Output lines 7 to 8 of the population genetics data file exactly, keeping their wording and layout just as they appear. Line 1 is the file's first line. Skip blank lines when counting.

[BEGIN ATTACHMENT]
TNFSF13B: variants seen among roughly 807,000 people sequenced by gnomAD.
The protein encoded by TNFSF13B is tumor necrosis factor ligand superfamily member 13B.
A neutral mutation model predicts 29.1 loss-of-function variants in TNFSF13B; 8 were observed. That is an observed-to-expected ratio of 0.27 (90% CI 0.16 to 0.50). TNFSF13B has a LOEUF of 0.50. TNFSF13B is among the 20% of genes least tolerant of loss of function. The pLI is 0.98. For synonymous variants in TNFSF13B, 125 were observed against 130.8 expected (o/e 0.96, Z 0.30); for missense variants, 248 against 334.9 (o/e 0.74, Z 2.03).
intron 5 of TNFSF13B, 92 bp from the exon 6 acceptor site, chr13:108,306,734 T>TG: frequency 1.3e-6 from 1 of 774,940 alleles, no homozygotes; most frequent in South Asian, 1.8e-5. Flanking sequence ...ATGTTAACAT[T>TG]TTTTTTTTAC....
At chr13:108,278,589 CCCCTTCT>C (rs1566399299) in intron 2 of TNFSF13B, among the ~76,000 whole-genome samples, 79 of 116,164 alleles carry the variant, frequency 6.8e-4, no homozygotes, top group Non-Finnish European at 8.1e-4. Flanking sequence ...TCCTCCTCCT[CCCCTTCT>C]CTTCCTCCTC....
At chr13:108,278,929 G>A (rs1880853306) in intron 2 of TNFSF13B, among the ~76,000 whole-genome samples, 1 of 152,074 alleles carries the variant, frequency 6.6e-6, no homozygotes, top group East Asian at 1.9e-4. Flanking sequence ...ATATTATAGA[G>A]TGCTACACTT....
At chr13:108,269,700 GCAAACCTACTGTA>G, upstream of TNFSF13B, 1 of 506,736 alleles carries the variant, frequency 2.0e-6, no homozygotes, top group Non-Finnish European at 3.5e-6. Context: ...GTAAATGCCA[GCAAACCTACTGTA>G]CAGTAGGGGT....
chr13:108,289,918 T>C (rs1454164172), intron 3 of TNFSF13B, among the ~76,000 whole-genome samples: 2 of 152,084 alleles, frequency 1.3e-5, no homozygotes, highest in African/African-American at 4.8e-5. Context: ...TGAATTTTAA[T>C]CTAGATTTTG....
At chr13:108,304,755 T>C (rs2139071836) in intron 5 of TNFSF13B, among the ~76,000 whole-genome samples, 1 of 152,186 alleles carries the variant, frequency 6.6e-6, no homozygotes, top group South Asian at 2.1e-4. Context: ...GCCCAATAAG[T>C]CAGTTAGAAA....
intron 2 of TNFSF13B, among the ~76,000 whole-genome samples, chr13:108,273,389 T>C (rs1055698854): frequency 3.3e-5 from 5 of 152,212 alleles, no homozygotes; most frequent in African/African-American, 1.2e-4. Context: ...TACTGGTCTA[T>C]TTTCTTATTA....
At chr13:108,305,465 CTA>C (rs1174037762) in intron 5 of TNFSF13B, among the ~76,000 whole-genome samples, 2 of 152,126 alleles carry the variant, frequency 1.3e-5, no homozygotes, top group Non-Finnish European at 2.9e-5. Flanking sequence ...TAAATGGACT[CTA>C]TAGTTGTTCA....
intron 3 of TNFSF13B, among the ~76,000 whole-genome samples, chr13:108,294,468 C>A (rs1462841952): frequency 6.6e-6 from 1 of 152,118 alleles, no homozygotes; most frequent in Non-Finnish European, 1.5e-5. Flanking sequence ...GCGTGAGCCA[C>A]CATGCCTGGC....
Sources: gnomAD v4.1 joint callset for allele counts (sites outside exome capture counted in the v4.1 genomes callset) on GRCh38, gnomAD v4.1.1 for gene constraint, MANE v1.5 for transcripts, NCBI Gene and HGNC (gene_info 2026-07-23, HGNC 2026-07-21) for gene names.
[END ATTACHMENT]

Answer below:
At chr13:108,269,700 GCAAACCTACTGTA>G, upstream of TNFSF13B, 1 of 506,736 alleles carries the variant, frequency 2.0e-6, no homozygotes, top group Non-Finnish European at 3.5e-6. Context: ...GTAAATGCCA[GCAAACCTACTGTA>G]CAGTAGGGGT....
chr13:108,289,918 T>C (rs1454164172), intron 3 of TNFSF13B, among the ~76,000 whole-genome samples: 2 of 152,084 alleles, frequency 1.3e-5, no homozygotes, highest in African/African-American at 4.8e-5. Context: ...TGAATTTTAA[T>C]CTAGATTTTG....